Anti-Microbial Resistance: An Underestimated Threat to Global Health

November 5th, 2020 | Kelly Hirsch

Very often the greatest challenges we face as a society are recognized in their infancy by specialists whose warnings go unheeded, allowing difficult but solvable problems to escalate into full-blown crises. The most salient case in point is climate change, which today would likely not be the existential threat that it is had we taken bolder action decades ago.

An emerging danger to humanity with potential for harm as great as climate change, anti-microbial resistance (AMR) threatens the stability of health care systems worldwide and creates the very real possibility of returning us to a world in which a simple cut to the finger can lead to severe illness or death. Fortunately, we have time to contain or even eliminate this threat, but to do so we must redouble our efforts to improve awareness and take meaningful action that strikes at the root of the problem.

Understanding Anti-Microbial Resistance (AMR)

AMR occurs when bacteria and other disease-causing microbes develop resistance to previously effective drugs. In the U.S., the Centers for Disease Control (CDC) estimates that AMR causes at least 2.8 million illnesses and over 35,000 deaths annually. As a result of AMR, antibiotics may no longer work to treat even common infections.

A wide range of medical procedures rely on effective antibiotic treatments, including organ transplants, chemotherapy, and dialysis for end-stage renal disease. Antibiotic, antifungal, antiviral and anti-parasitic medications form the backbone of modern medicine, highlighting the urgency facing the health care community in addressing AMR. The need for action is recognized by the United Nations (UN), World Health Organization (WHO), and national authorities such as the CDC.

The development of AMR occurs across multiple avenues. The use of antibiotics for growth promotion and disease prevention in livestock is of particular concern to regulators and consumers. According to the U.S. Food and Drug Administration, 70% of antibiotics prescribed in the U.S. are used in animals. The sub-therapeutic doses used for disease prevention and growth promotion are more likely to result in the development of resistance than a shorter, high-dose therapeutic course. In addition, increased presence of AMR in the food supply directly threatens human health as diseases caused by resistant bacteria tend to be more severe and have fewer treatment options.

Regulations covering antibiotic use for animals have been increasing. For example, in California, farmers must obtain a prescription to use medically important antibiotics in animals. The EU banned the use of antibiotics in animals for growth promotion and the WHO published guidelines strongly recommending a complete restriction on the use of these antibiotics for growth promotion and disease prevention, absent a diagnosis.

These encouraging first steps are partly a result of increased public awareness and concern. Surveys consistently show that a majority of consumers prefer meats raised without antibiotics. This has been reflected in the growth of antibiotic-free meat sales, estimated by data analytics firm Nielsen to have increased 28.7% each year between 2011 and 2015, compared to 4.6% for conventional meat.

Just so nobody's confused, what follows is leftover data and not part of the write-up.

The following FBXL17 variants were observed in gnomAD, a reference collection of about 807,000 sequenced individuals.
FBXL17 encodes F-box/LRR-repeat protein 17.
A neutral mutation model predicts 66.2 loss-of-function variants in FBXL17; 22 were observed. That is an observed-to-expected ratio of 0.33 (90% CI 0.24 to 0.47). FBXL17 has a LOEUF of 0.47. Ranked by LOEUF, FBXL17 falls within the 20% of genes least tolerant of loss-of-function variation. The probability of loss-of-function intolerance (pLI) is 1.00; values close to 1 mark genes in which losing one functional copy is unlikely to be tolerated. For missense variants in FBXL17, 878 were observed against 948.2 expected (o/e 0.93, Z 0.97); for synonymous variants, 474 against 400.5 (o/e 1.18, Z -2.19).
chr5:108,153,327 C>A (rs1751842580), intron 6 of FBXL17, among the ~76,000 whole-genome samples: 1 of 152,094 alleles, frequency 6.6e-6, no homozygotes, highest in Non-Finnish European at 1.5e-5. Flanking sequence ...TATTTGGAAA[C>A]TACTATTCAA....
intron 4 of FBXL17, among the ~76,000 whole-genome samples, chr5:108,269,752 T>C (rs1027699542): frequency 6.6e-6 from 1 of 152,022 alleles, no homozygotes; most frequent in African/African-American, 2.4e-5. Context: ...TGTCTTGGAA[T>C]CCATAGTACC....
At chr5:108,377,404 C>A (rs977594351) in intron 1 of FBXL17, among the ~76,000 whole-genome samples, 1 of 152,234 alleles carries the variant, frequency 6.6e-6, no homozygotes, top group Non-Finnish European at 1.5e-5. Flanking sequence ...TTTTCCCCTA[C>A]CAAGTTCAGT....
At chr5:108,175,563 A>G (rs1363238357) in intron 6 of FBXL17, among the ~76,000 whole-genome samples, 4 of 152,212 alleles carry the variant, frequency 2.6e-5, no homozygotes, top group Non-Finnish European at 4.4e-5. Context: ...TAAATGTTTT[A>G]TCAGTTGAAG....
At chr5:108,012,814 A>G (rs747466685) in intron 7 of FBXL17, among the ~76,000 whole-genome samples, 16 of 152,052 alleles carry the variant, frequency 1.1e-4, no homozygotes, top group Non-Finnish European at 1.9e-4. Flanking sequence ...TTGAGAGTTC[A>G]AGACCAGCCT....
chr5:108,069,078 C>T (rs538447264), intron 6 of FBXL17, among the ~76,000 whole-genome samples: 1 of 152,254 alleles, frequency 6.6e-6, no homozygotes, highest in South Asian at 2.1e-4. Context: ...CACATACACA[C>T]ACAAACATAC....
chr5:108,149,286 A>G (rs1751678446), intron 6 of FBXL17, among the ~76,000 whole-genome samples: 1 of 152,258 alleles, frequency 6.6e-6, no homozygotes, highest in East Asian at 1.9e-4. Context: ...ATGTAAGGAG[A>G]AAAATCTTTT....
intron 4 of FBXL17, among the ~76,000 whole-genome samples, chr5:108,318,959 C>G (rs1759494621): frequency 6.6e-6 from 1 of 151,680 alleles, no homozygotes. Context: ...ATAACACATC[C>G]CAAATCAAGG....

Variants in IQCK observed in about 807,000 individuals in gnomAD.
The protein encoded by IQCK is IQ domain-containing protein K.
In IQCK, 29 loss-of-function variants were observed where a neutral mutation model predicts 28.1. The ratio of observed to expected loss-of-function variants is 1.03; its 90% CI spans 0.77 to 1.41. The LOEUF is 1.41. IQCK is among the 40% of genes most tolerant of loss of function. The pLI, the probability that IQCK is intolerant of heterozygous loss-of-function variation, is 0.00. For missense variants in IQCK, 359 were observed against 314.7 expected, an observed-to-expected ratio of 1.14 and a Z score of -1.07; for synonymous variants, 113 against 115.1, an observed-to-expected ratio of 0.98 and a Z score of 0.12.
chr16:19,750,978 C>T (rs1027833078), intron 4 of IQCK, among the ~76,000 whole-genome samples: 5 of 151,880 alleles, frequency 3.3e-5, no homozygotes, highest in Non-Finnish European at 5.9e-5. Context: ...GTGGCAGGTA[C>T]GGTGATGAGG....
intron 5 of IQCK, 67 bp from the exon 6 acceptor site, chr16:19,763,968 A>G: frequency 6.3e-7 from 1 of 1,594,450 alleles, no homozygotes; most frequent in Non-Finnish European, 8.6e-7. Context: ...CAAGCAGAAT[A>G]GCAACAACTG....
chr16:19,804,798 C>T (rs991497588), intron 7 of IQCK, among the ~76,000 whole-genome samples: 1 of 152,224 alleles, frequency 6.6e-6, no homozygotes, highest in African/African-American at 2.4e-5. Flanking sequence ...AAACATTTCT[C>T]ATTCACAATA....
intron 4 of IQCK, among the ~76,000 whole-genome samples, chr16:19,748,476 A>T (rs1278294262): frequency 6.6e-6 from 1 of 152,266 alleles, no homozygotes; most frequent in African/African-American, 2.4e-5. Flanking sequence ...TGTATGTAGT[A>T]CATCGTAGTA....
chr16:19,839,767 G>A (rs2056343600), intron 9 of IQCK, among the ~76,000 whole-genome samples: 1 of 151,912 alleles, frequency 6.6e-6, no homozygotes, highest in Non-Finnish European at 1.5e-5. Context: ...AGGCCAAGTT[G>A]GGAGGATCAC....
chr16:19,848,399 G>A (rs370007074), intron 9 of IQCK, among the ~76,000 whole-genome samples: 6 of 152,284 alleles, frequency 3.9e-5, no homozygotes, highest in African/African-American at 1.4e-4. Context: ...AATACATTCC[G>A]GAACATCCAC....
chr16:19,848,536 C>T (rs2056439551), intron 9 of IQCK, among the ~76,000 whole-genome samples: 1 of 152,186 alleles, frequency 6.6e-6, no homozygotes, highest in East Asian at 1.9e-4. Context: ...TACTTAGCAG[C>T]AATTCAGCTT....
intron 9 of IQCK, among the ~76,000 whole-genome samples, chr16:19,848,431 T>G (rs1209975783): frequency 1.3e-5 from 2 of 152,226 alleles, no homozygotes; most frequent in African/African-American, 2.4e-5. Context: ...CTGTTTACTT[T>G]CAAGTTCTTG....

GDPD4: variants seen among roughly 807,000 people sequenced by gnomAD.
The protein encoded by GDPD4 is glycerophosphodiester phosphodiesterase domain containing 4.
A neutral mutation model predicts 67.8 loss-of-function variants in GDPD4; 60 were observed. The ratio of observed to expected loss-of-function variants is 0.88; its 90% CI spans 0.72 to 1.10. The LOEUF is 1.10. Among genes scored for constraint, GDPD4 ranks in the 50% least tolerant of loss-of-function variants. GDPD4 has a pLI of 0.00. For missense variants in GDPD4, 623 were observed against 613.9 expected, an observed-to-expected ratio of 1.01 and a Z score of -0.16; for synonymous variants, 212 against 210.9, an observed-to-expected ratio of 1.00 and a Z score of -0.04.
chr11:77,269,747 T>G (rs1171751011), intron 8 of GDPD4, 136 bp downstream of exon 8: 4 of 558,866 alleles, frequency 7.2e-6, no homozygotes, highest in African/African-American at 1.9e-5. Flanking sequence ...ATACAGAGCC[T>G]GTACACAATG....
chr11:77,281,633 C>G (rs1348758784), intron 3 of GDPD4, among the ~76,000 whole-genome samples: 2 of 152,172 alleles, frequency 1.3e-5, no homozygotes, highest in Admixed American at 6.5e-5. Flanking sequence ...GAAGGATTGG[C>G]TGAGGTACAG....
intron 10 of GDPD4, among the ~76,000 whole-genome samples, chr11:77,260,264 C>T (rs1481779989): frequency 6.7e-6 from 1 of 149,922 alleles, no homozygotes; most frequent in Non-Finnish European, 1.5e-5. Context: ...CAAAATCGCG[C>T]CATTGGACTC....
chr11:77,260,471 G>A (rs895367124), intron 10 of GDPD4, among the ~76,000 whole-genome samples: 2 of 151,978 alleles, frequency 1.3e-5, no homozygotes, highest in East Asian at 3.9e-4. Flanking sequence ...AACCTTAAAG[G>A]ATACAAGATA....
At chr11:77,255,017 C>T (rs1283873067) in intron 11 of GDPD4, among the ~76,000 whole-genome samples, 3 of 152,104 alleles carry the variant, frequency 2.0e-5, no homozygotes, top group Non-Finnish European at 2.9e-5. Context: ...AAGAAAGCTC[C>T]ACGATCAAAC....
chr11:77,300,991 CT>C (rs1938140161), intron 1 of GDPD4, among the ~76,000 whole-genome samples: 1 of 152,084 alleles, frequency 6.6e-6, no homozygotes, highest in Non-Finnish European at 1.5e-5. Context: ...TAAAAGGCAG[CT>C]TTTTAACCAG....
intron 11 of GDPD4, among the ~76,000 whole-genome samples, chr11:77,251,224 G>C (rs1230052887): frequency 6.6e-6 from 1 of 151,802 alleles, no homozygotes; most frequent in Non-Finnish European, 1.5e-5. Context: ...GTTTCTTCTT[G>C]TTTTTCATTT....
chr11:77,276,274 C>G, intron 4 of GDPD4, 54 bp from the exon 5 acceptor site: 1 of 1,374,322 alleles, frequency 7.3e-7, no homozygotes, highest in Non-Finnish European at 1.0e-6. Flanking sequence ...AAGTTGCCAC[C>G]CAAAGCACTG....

But AMR has a far more insidious and less widely understood avenue for development. A landmark 2017 study showed that wastewater runoff from major overseas pharmaceutical manufacturing plants has created a virtual breeding ground for AMR. The study found that “[t]he presence of drug residues in the natural environment allows the microbes living there to build up resistance to the ingredients in the medicines that are supposed to kill them, turning them into what we call superbugs. The resistant microbes travel easily and have multiplied in huge numbers all over the world, creating a grave public health emergency that is already thought to kill hundreds of thousands of people a year.”

Weak environmental standards for overseas manufacturers make meaningful change a daunting task. A key pillar of a potential solution will be to exert pressure on domestic firms that outsource their manufacturing operations. Governments can also leverage trade and other agreements to persuade problem countries to adopt and abide by waste management best practices.

Investing in a solution

Vancity Investment Management Ltd. (VCIM), sub-advisor to the IA Clarington Inhance SRI Funds, has a robust shareholder engagement program that includes a deep commitment to finding real solutions to the problem of AMR.

Over the last decade, VCIM has engaged with companies over 200 times, with more than 30 companies engaged in 2019 alone. Our work in the area of AMR includes an active role in the Farm Animal Investment Risk and Return (FAIRR) initiative. This involves engagement with 20 global food companies to encourage the adoption of antibiotics policies and the phasing out of routine, prophylactic antibiotic use across all supply chains, with clear targets and timelines for implementation.

We believe that through these and similar actions, we can reduce the suffering caused by AMR and ensure that the benefits of over a century of medical advancements can continue to result in longer, happier lives.

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author's photo

Kelly Hirsch

Senior ESG Analyst
Vancity Investment Management Ltd.

Kelly is responsible for analysis of the ESG policies and practices of companies held in the IA Clarington Inhance SRI Funds. She holds a bachelor of environmental science from the University of Guelph and a diploma in accounting from the University of British Columbia. Kelly is a CFA charterholder and is certified as a Responsible Investment Specialist (RIS) with the Responsible Investment Association.